SF421: A Bill to Improve Iowa's Companion Animal Cruelty Laws

posted on Thursday, January 18, 2018 in News

Iowa ranks 49th in the nation for the effectiveness of our animal cruelty laws. Too often we see cases where the penalties don’t seem to “fit the crime”, due to lax enforcement, generous plea deals, and weak sentencing. SF421 is the result of lessons learned by law enforcement, prosecutors, and a survey of best practices across the nation.

Read below for updates of where the bill currently stands.

Read the full text of bill SF421 here.

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UPDATE 01/18/18: SF421, a bill that makes several needed improvements to Iowa's companion animal cruelty laws, passed out of a senate judiciary subcommittee unanimously today and is eligible for a full committee vote.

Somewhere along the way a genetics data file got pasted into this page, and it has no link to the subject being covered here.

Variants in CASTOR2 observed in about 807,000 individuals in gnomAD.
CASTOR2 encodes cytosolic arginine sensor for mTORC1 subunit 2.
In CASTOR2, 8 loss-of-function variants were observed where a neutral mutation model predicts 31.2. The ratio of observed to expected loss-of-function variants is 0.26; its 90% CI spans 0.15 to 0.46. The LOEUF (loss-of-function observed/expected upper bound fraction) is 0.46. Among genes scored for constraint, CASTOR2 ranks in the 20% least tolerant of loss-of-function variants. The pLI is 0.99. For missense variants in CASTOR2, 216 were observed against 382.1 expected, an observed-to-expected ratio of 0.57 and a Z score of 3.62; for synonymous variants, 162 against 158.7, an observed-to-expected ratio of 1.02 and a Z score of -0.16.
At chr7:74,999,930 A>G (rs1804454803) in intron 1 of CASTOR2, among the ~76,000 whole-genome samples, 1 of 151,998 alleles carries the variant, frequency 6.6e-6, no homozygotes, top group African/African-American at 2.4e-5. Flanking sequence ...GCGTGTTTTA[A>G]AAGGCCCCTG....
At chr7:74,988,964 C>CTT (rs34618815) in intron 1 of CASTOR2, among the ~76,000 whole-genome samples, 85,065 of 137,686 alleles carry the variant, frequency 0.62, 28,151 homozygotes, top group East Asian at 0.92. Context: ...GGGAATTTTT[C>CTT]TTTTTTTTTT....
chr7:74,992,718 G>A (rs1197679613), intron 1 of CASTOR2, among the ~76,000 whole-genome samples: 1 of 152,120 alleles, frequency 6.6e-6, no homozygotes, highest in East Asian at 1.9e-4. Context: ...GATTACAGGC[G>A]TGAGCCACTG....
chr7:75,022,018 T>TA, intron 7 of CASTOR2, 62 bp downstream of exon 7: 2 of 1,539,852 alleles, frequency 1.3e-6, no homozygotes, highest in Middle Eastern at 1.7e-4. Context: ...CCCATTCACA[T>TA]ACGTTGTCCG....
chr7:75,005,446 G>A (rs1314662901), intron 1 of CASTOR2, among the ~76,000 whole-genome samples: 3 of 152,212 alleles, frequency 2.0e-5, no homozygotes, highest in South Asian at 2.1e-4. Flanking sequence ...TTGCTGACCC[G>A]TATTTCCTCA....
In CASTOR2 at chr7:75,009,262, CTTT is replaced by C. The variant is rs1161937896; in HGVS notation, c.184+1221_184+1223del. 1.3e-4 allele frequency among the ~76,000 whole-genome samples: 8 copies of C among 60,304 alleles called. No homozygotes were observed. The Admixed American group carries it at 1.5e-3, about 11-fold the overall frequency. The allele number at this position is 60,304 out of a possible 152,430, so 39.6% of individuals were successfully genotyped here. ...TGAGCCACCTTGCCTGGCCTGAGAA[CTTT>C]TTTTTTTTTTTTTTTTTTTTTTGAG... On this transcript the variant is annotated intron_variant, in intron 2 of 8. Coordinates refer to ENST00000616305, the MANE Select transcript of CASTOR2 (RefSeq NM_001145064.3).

SF421 has been developed to address several needed aspects, based on previous law enforcement and judicial experience with the current law and survey of best practices in other states. Some highlights of SF421 include:

  • Improves definitions - especially those related to "injury" and "serious injury".
  • Clarifies distinction between neglect (failure to provide care) and abuse (direct action causing injury).
  • Removes exceptions to abuse offense for the owner or a person acting with the consent of the owner.
  • Improves definition of minimum standard of care (food, water, sanitary conditions, shelter, grooming, reasonable vet care).
  • Provides for enhanced penalties based on the severity of the injuries sustained by the animals.
  • Clarifies the definition of animal torture and makes it a felony on first offense.
  • Provides for enhanced penalties for persons with previous convictions.
  • Includes provisions for mental health evaluations to provide help for those in need.
  • Includes provisions for restrictions on future possession of animals to help protect other animals from known abusers.
  • Clarifies definition of animal abandonment.
  • Creates the offense of animal endangerment for leaving animals in hot cars.
  • Allows law enforcement officials to rescue animals from hot cars.